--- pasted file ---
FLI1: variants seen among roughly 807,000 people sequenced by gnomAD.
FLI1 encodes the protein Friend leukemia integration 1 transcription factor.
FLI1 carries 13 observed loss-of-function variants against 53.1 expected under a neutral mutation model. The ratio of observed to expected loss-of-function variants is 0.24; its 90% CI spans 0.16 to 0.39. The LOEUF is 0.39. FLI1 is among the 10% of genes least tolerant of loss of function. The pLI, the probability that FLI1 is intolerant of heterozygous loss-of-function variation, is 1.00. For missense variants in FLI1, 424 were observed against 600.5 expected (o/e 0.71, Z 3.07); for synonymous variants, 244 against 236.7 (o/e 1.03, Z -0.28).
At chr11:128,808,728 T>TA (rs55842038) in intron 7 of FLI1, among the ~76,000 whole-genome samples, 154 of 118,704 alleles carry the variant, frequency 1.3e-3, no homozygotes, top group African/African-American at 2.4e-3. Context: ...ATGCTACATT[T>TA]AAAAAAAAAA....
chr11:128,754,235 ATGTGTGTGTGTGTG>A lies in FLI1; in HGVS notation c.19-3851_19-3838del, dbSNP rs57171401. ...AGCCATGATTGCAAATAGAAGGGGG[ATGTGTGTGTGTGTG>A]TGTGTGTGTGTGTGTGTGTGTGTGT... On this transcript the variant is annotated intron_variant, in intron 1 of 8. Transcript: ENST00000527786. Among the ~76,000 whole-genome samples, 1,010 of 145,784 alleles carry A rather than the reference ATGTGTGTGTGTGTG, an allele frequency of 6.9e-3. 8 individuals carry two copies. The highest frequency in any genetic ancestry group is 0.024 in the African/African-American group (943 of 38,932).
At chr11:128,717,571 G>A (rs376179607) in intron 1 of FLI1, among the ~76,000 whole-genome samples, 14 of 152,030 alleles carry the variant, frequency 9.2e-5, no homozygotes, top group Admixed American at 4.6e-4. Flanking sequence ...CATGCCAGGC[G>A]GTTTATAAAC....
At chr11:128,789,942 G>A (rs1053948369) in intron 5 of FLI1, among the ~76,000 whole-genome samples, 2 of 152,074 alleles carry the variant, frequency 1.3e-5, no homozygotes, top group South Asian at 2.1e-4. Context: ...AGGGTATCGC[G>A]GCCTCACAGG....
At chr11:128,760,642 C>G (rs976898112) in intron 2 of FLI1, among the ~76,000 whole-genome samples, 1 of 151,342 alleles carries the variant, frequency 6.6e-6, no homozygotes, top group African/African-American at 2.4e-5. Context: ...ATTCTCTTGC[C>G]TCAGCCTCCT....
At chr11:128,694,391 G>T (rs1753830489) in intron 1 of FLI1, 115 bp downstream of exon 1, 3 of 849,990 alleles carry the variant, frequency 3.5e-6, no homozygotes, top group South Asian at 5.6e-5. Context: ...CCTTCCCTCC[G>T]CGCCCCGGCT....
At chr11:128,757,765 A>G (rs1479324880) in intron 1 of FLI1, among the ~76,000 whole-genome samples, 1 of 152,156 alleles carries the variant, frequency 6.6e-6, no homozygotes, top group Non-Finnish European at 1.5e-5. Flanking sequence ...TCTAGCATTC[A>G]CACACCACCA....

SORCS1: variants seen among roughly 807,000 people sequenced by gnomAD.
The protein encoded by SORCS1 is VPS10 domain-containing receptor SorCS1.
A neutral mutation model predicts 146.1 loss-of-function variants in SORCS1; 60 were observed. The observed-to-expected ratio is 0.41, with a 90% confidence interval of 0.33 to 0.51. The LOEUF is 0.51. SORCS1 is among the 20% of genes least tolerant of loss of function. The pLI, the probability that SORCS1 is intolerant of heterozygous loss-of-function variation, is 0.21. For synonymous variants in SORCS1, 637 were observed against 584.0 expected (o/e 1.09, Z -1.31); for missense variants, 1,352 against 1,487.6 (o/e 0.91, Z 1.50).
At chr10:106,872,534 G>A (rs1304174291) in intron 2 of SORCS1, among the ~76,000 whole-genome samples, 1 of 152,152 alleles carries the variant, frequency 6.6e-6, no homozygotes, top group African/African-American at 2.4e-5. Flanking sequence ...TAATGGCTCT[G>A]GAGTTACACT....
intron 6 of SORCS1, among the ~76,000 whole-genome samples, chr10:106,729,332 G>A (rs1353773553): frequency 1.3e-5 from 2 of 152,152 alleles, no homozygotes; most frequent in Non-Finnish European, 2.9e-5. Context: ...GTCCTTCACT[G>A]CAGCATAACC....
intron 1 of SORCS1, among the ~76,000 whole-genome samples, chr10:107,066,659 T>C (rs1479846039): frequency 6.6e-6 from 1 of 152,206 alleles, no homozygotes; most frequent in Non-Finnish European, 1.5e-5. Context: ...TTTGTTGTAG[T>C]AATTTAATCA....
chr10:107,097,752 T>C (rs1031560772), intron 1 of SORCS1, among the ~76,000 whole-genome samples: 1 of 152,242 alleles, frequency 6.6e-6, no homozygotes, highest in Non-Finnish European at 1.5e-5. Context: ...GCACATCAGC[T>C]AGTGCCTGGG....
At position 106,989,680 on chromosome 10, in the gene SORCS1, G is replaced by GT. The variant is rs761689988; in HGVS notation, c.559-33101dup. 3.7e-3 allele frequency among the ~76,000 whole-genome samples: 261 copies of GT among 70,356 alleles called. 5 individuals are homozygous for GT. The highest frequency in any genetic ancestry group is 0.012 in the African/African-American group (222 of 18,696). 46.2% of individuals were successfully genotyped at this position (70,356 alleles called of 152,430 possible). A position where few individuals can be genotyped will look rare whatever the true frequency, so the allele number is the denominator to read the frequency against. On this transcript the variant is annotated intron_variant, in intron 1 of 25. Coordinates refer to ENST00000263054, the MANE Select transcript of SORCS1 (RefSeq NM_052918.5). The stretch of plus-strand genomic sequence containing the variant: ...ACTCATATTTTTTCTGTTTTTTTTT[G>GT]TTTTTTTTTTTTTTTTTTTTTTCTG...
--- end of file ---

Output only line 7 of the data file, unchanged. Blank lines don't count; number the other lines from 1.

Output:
At chr11:128,789,942 G>A (rs1053948369) in intron 5 of FLI1, among the ~76,000 whole-genome samples, 2 of 152,074 alleles carry the variant, frequency 1.3e-5, no homozygotes, top group South Asian at 2.1e-4. Context: ...AGGGTATCGC[G>A]GCCTCACAGG....